Lion Air search focused under water, help from Singapore arriving

Navy personnel scour the sea for debris following a plane crash in the Java Sea on Monday. Lion Air flight JT 610 was on its way from Jakarta to Pangkalpinang, when it reportedly lost contact 13 minutes after take off from Soekarno-Hatta International Airport.
PHOTO: The Jakarta Post/Asia News Network

The search for the black box is crucial to answering why a brand new plane flying on a clear day could suffer such an ill fate.

Help from neighboring Singapore was scheduled to arrive at Soekarno-Hatta International Airport on Monday evening. The assistance comprised three personnel and advanced equipment for finding black boxes, the head of the National Transportation Safety Commission (KNKT), Soerjanto Tjahjono, said on Monday. 

National Search and Rescue Agency (Basarnas) head M. Syauqi said that since 11 a.m. on Monday no more debris had been found floating on the surface. “So we have started the underwater search and the process is still ongoing,” he said at the airport.

He said the 30 special divers employed a diving pattern following the prediction of movement of objects, which is calculated based on the time the object fell into the water, as well as the current sea and wind conditions, said Syauqi.

“So the divers are not diving randomly, but in the location where the object is predicted to have moved based on weather and wind movement,” he said.

Syauqi also said that based on the search and rescue standard operating procedure, the search would last for seven days, with an additional three days if the object has not yet been found.

President Joko “Jokowi” Widodo said at the same press conference that he had ordered a 24-hour search on Monday night as the remaining victims' bodies, the black box and the plane’s body, had not yet been found.

Lion Air said on Tuesday (Oct 30) human remains had been collected in 24 body bags after sweeps of the crash site .Photo: The Jakarta Post/Asia News Network

The joint search and rescue team members, numbering around 300, are from Basarnas, the KNKT, the National Police and the Indonesian Military as well as the Transportation Ministry and the private sector.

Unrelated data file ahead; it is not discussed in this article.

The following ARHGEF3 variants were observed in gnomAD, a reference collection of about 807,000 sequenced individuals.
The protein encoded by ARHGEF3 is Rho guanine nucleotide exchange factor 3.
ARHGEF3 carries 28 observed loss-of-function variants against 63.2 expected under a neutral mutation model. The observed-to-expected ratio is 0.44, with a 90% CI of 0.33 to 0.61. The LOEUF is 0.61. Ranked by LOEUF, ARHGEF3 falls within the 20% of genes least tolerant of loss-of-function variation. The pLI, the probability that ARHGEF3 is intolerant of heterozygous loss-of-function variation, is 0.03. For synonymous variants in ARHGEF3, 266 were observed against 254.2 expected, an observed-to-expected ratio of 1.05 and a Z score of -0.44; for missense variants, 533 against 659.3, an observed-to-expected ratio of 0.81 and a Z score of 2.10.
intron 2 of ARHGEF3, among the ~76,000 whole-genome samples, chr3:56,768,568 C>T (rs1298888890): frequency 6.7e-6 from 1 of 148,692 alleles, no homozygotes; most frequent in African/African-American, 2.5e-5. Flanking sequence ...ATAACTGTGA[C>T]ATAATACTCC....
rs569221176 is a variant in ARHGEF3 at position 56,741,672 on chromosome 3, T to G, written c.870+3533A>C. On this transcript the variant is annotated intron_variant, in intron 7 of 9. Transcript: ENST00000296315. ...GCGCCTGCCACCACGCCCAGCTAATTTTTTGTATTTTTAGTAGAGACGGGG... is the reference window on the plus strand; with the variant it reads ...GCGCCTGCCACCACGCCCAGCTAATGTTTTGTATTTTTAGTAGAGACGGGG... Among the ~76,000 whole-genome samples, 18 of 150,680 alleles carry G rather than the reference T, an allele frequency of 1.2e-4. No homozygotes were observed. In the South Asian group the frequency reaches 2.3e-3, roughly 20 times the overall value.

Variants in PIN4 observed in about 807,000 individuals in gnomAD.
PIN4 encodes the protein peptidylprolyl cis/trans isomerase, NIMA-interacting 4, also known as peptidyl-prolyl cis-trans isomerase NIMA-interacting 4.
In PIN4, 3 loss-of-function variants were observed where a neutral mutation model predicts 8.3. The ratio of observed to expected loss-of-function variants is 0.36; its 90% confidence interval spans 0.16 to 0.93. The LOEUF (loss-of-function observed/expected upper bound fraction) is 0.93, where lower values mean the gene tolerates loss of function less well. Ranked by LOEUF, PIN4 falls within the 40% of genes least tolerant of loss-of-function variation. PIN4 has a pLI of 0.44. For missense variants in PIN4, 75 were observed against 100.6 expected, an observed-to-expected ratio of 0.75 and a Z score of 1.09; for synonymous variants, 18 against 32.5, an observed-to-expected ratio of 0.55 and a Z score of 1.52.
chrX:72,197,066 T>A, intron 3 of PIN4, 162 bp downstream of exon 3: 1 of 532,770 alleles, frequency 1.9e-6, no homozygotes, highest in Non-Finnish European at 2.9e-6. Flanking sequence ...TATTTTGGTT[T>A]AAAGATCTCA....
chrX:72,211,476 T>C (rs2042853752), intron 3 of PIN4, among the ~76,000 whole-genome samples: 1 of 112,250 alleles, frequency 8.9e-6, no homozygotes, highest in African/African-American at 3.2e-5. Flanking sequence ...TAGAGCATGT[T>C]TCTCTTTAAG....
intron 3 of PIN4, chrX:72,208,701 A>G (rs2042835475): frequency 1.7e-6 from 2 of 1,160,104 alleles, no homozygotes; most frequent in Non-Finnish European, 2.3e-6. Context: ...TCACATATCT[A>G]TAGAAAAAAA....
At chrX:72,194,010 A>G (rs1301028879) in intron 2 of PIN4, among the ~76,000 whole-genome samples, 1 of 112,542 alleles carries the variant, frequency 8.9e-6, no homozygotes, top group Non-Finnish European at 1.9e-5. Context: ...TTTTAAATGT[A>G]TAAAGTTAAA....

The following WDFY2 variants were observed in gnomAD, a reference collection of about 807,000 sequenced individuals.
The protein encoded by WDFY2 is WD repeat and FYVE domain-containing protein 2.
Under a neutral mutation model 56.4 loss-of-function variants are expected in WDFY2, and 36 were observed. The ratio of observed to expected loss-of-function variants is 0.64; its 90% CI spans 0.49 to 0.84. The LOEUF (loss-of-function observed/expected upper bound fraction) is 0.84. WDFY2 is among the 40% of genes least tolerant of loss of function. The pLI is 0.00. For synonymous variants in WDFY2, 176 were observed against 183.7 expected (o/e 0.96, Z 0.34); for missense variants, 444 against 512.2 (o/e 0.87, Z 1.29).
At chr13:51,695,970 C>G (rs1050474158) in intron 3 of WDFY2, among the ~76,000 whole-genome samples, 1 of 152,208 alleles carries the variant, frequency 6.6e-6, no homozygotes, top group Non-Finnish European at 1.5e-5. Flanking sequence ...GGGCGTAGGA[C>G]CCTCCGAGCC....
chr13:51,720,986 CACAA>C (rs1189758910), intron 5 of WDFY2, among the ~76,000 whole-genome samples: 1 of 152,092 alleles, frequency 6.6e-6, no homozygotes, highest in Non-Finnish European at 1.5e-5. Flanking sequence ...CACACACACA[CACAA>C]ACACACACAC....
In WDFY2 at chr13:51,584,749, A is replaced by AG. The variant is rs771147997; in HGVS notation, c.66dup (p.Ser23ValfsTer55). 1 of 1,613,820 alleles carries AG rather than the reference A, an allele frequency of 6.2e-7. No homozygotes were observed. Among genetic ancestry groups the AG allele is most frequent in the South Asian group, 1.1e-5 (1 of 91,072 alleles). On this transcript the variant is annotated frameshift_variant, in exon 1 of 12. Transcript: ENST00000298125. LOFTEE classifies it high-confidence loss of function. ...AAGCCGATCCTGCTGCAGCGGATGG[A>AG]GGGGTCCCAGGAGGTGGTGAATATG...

“There are more or less 15 ships in total that have been deployed for the search and rescue at [the crash site]. I instructed them to keep searching for 24 hours using lamp [light] for the search and rescue process,” Jokowi said. 

Lion Air plane carrying 189 people crashes into sea shortly after take-off from Jakarta

  • Chief of Indonesia's Lion Air flight JT610 search and rescue operations Muhammad Syaugi looks through recovered belongings believed to be from the crashed flight at Tanjung Priok port in Jakarta
  • A pair of infant shoes is pictured among recovered belongings believed to be from the crashed Lion Air flight JT610 at Tanjung Priok port in Jakarta.
  • There were 189 people on board flight JT610 of budget airline Lion Air when ground staff lost contact with the Boeing 737 MAX 8 aircraft early on Monday, 13 minutes after it had left the airport in Jakarta, the capital.
  • Rescue team members arrange the wreckage, showing part of the logo of Lion Air flight JT610, that crashed into the sea
  • A crying mother shows a graduation picture of her son, Agil Nugroho Septian, who was a passenger on Lion Air flight JT610, that crashed into the sea, at her house in Tegal, Indonesia, October 29, 2018.
  • Lutfiani shows an undated picture of her husband, Deryl Fida Febrianto, a passenger on Lion Air flight JT610, that crashed into the sea, at her house in Surabaya, Indonesia, October 29, 2018.
  • A witness in the Karawang district said he had heard an explosion from the beach around the time the aircraft went down.
  • Sangeeta Suneja, mother of Bhavye Suneja, a pilot of Lion Air flight JT610 which crashed into the sea, reacts as she leaves for Jakarta, in New Delhi
  • Gulshan Suneja, father of pilot Bhavye Suneja.